Perhaps the Church cannot be compelled, consistent with the First Amendment, to recognize this union sacramentally. But can the Administration and the IRS pull the particular Church’s tax exemption and that of the entire denomination, including its schools and charitable outreach?

It is probable that the current Administration, or a subsequent like-minded one, will take the position “You are entitled to your religious beliefs, but you will not sustain them with the support of tax exemptions.” By IRS regulation, any donations to these churches or their ministries would not be tax deductible. And the church would lose non-charitable 501(c) status. Its income above operating expenses would be taxable as ordinary income.

The objective is to starve the church into changing its doctrine or going out of existence. Without tax deductions contributions will drop. If any income is made over operating expenses, it will be taxed, leaving less to support schools, food distributions, shelters for the homeless. Those that choose to starve will cease to exist. The IRS will have accomplished what the lions in the Coliseum could not.

My point is not to pass judgment on this tax exemption issue. Some may support pulling tax exempt status as justifiable under the Due Process and Equal Protection rubric embraced by a majority of the Supreme Court this week. Others may consider it repulsive and contrary to the principles of the founding of this nation embodied in the First Amendment. What is at stake here is what say we the people will have, if any, in the resolution of this issue.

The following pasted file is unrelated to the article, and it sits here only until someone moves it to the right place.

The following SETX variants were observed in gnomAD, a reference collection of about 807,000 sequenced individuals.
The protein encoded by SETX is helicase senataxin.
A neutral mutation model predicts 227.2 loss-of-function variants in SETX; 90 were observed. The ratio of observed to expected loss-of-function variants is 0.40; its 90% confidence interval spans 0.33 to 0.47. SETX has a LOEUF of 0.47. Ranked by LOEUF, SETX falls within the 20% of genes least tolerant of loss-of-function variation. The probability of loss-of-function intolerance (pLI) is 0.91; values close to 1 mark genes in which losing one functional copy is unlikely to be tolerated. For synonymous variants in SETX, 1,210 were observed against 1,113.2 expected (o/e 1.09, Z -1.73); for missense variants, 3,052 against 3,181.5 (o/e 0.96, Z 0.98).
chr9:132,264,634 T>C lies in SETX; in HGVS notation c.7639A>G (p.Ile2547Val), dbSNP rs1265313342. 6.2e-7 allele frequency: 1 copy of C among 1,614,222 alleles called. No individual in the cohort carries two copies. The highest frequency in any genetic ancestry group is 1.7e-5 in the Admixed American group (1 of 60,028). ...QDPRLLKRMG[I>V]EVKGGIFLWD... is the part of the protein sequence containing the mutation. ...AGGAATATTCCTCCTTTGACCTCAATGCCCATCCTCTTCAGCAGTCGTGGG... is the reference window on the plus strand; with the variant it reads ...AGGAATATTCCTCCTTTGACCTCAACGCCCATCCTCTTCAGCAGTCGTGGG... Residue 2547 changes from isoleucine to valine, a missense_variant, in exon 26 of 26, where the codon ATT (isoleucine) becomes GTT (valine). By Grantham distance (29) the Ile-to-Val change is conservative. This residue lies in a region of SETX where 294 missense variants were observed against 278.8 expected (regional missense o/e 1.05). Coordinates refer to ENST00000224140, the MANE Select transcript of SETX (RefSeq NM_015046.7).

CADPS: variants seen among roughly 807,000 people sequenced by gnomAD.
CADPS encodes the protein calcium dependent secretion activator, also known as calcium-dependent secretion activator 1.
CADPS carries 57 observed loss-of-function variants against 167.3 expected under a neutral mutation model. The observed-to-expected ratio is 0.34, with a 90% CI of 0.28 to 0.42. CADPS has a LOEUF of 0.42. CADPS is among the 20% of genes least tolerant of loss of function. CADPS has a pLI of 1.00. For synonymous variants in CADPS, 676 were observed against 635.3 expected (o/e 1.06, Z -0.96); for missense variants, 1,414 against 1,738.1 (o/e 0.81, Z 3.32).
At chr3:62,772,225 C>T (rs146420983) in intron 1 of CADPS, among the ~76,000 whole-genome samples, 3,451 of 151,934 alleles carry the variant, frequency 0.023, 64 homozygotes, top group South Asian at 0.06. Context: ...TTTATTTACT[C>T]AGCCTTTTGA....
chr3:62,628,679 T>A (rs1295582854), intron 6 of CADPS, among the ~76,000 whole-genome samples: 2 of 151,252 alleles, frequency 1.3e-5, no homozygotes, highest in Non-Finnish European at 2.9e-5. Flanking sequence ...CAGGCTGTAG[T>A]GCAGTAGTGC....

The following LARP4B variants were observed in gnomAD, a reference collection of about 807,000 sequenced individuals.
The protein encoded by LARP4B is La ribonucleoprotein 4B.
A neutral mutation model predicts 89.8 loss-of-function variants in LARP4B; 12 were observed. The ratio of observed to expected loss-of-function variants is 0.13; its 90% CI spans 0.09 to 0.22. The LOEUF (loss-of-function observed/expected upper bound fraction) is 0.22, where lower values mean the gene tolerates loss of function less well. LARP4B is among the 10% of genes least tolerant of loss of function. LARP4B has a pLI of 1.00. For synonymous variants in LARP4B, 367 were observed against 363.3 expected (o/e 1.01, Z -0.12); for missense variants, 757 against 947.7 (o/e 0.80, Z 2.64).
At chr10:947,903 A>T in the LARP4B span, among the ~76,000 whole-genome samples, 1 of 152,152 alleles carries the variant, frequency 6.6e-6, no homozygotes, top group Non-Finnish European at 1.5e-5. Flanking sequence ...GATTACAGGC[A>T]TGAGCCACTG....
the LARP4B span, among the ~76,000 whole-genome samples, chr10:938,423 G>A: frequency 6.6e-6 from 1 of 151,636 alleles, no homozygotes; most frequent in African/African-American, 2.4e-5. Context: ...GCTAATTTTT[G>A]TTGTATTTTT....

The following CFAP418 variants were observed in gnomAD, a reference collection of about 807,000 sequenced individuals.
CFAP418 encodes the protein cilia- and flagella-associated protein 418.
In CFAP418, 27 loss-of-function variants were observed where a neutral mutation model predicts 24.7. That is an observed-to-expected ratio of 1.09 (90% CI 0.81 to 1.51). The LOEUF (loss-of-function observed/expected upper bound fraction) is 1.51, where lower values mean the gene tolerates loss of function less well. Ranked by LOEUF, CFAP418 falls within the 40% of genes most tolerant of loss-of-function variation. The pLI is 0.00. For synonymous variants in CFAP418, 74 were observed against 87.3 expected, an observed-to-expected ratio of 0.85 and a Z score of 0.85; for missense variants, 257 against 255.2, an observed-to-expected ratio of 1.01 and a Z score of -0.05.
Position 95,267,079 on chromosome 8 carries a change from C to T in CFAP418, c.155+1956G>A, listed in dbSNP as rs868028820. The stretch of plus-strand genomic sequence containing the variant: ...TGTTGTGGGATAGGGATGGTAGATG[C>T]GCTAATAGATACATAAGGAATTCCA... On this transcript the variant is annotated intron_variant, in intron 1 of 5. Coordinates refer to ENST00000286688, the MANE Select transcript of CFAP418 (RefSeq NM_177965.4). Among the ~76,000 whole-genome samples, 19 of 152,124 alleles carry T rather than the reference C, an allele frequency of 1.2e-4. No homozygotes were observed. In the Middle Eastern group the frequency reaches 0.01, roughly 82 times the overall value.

As matters stand, based on the Supreme Court’s decisions issued this week, the IRS and the Supreme Court, oblivious to the will of the people, will have the final say. The IRS will issue regulations pulling the tax exemption, under the guise of implementing the Internal Revenue Code, and the Supreme Court will pass on this implementation giving due deference to the IRS’s interpretation of the statute it has been charged to carry into effect.

Regardless of where you come out of the issue, the people must be heard. Congress should be clear. Amend the Internal Revenue Code to reject the pulling of the exemption or to authorize it. Congress should not take the cowardly way out of sitting by and doing nothing. We the people should not let Congress remain on the side lines of this debate. If the President uses the IRS to pull exemption, he or she should do so with the approval of the Congress or in direct defiance of Congress’s mandate. And what Congress does should reflect the will of we the people. The Supreme Court should make the decision framed by these clear lines drawn by the Congress and the President after the people have spoken and their voice has been heard.